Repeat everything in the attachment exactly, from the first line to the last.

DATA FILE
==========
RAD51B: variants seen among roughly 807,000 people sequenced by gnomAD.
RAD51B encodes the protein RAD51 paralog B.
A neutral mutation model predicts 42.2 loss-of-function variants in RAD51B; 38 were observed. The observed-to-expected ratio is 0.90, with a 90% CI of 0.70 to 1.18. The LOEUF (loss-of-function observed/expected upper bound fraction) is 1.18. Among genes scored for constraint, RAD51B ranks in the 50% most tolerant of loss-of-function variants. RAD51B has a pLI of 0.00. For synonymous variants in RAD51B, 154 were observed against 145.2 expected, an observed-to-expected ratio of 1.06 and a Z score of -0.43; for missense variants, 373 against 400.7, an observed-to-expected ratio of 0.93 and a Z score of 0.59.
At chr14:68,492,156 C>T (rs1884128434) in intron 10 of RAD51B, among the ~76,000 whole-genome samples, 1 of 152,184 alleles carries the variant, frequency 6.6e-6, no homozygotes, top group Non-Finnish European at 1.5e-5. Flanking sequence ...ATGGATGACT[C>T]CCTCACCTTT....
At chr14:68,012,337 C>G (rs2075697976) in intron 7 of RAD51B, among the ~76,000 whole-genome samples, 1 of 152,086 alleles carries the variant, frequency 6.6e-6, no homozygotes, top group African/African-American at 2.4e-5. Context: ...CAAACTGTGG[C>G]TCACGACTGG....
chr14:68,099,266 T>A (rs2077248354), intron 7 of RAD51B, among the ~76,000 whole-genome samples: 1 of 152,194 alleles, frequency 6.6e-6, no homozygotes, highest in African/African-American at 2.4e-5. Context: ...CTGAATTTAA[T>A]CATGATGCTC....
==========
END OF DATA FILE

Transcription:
RAD51B: variants seen among roughly 807,000 people sequenced by gnomAD.
RAD51B encodes the protein RAD51 paralog B.
A neutral mutation model predicts 42.2 loss-of-function variants in RAD51B; 38 were observed. The observed-to-expected ratio is 0.90, with a 90% CI of 0.70 to 1.18. The LOEUF (loss-of-function observed/expected upper bound fraction) is 1.18. Among genes scored for constraint, RAD51B ranks in the 50% most tolerant of loss-of-function variants. RAD51B has a pLI of 0.00. For synonymous variants in RAD51B, 154 were observed against 145.2 expected, an observed-to-expected ratio of 1.06 and a Z score of -0.43; for missense variants, 373 against 400.7, an observed-to-expected ratio of 0.93 and a Z score of 0.59.
At chr14:68,492,156 C>T (rs1884128434) in intron 10 of RAD51B, among the ~76,000 whole-genome samples, 1 of 152,184 alleles carries the variant, frequency 6.6e-6, no homozygotes, top group Non-Finnish European at 1.5e-5. Flanking sequence ...ATGGATGACT[C>T]CCTCACCTTT....
At chr14:68,012,337 C>G (rs2075697976) in intron 7 of RAD51B, among the ~76,000 whole-genome samples, 1 of 152,086 alleles carries the variant, frequency 6.6e-6, no homozygotes, top group African/African-American at 2.4e-5. Context: ...CAAACTGTGG[C>G]TCACGACTGG....
chr14:68,099,266 T>A (rs2077248354), intron 7 of RAD51B, among the ~76,000 whole-genome samples: 1 of 152,194 alleles, frequency 6.6e-6, no homozygotes, highest in African/African-American at 2.4e-5. Context: ...CTGAATTTAA[T>A]CATGATGCTC....